A girl, her husband, two indoor "farm" cats, chickens, rabbits, and honey bees taking a stab at urban farming. And, if that isn't enough, she going to throw in some handmade and vintage sparkle!
Tuesday, April 7, 2015
Try, Try, Try Again
We've kept bees for several years now, but only one hive. For some reason, keeping a second successful hive eludes us. Our one hive really thrives. It is so strong that during the ice storm last year a limb fell on it and blew it apart. We found it lying on the ground in pieces with a cluster in one of the boxes. We put it back together and expected the worst. Not only did it survive, but we harvested honey all summer from it.
Apparently even an ice storm can't take down our one hive, but when we try for a second one, it fails, every time. We've bought packages of bees more than once, replaced queens, caught swarms, you name it, we've tried it with the exception of splitting our hive. So, this year I decided to try splitting our hive. Why would I keep trying to have a second hive after so many failed attempts? Well, I'm as stubborn as a mule and a sore loser. You can ask my husband.
Splitting the hive means basically that. You try to divide the population and put one half in another hive. It's a man-made swarm. As the population builds up in the hive, it becomes crowded which triggers a swarm, which is a natural split. When bees swarm, the mother queen leaves with a portion of the population, and the newly emerged queen stays and takes over the hive. With it being early spring, I knew they were building up for a swarm soon so I decided to try to beat them to the punch. So a few weeks ago, a friend came over to help me.
The goal is to take frames of brood that have all stages of development, eggs, larvae, and capped brood as well as cells of pollen and honey and move them to a new hive. You replace the frames you take from the original hive with empty frames so the queen has room to lay more eggs. It's great if you can find your queen in the original hive as you can make sure she stays where she is, but if you can't find your queen, you can either let each new colony make a queen, which they will naturally do in the absence of one or you can add a queen. Since I have failed so many times I decided not to spend anymore money and to let nature take its course and let each hive rear a queen if there wasn't one. A few of the frames had queen cells so we left them on the off chance that a queen wasn't present. There was capped honey already in the hive so we gave each hive a frame or two of honey to help feed them while they transitioned. We also made sure each hive had approximately the same amount of bees. Of course, the foragers that were out foraging were going to come back to the original hive. But, we were hoping any foragers that got dumped in the new hive would reorient themselves and stay with the new hive. Often beekeepers move the new hive several miles away so the foragers in the new hive have to reorient themselves, but I really didn't have the means to do that, so I took a chance.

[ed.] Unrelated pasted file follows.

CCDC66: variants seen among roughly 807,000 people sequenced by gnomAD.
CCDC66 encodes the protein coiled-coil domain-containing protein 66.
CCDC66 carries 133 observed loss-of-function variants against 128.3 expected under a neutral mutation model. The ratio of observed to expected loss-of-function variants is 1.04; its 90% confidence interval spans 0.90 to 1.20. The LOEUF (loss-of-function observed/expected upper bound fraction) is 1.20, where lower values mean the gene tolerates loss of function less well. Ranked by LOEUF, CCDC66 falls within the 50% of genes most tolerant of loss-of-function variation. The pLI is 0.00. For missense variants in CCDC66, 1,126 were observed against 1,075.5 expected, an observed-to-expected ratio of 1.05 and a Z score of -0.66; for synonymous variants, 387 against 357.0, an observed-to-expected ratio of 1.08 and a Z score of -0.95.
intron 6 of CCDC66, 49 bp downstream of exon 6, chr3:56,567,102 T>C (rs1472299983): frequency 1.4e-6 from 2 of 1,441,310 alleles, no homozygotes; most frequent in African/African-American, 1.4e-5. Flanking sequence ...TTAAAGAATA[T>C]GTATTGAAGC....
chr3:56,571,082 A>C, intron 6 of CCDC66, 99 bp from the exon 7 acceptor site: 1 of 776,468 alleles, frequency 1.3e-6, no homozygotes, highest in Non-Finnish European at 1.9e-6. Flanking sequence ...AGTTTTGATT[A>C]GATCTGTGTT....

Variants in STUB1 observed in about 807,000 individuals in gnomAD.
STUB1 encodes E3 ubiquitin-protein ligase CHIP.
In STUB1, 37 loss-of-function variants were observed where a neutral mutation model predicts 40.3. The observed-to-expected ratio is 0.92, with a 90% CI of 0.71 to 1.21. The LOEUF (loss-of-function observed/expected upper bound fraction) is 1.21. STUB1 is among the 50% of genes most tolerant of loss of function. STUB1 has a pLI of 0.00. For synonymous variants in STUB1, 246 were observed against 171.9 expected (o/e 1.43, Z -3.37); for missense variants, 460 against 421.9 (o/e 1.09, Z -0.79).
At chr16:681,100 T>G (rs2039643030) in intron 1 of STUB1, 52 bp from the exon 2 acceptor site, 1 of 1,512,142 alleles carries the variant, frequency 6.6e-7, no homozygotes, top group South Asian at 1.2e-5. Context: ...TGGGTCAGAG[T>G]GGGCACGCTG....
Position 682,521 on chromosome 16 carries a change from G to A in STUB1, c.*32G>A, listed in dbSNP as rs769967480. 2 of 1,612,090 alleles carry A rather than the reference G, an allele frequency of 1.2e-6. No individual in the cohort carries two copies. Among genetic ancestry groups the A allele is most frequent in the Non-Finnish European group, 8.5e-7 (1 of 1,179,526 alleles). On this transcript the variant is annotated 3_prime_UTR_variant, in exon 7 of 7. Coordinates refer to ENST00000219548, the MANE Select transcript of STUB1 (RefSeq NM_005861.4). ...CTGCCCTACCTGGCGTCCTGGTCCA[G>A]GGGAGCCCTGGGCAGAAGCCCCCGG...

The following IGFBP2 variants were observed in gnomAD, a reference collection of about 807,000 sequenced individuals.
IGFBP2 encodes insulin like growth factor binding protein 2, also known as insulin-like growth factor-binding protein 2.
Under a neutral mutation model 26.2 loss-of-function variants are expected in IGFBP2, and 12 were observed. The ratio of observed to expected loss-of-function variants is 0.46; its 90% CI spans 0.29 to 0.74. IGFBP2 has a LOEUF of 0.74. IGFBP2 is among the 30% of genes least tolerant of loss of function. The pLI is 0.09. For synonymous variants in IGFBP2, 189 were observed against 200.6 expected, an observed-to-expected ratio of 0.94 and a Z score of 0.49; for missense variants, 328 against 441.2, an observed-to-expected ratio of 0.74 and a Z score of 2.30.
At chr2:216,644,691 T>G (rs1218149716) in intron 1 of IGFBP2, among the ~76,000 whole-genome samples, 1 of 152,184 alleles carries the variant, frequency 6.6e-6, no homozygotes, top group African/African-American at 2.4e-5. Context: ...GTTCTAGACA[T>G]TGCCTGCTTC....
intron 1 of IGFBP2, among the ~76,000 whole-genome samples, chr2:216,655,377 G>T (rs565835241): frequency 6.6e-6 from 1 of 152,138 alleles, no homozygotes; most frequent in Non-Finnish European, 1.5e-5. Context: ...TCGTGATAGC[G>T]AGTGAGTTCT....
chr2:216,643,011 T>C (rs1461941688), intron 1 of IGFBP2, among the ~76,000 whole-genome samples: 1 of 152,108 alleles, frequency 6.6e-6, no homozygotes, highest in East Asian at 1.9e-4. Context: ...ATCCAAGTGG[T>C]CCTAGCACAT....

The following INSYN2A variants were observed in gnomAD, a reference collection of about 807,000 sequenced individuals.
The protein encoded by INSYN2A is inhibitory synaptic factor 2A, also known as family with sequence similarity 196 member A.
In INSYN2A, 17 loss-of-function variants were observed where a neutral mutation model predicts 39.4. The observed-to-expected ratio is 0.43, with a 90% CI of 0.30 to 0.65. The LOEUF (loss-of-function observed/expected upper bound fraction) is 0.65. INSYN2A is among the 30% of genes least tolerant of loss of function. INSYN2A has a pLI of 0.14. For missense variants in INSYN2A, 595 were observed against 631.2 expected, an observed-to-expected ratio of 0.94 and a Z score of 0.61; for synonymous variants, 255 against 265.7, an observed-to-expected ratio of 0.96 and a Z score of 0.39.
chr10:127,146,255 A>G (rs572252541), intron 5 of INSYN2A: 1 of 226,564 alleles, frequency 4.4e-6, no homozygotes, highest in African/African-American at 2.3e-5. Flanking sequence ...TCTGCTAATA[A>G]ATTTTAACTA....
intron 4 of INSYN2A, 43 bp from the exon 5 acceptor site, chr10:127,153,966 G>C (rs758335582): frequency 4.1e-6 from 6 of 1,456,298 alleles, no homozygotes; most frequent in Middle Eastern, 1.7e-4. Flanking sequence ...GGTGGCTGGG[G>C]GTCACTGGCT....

The original hive recovered quickly and even swarmed about a week ago. I imagine our original queen was left in that hive and one of the queen cells we left as a safety precaution hatched so it swarmed. I'm fine with that because it's still a really strong hive. Well, low and behold, I went out to observe yesterday and saw bees bringing in pollen on the split hive. This video shows foragers coming in and going out. It's still a weak hive as it had to rear a queen and has to build up its population, but I'm encouraged!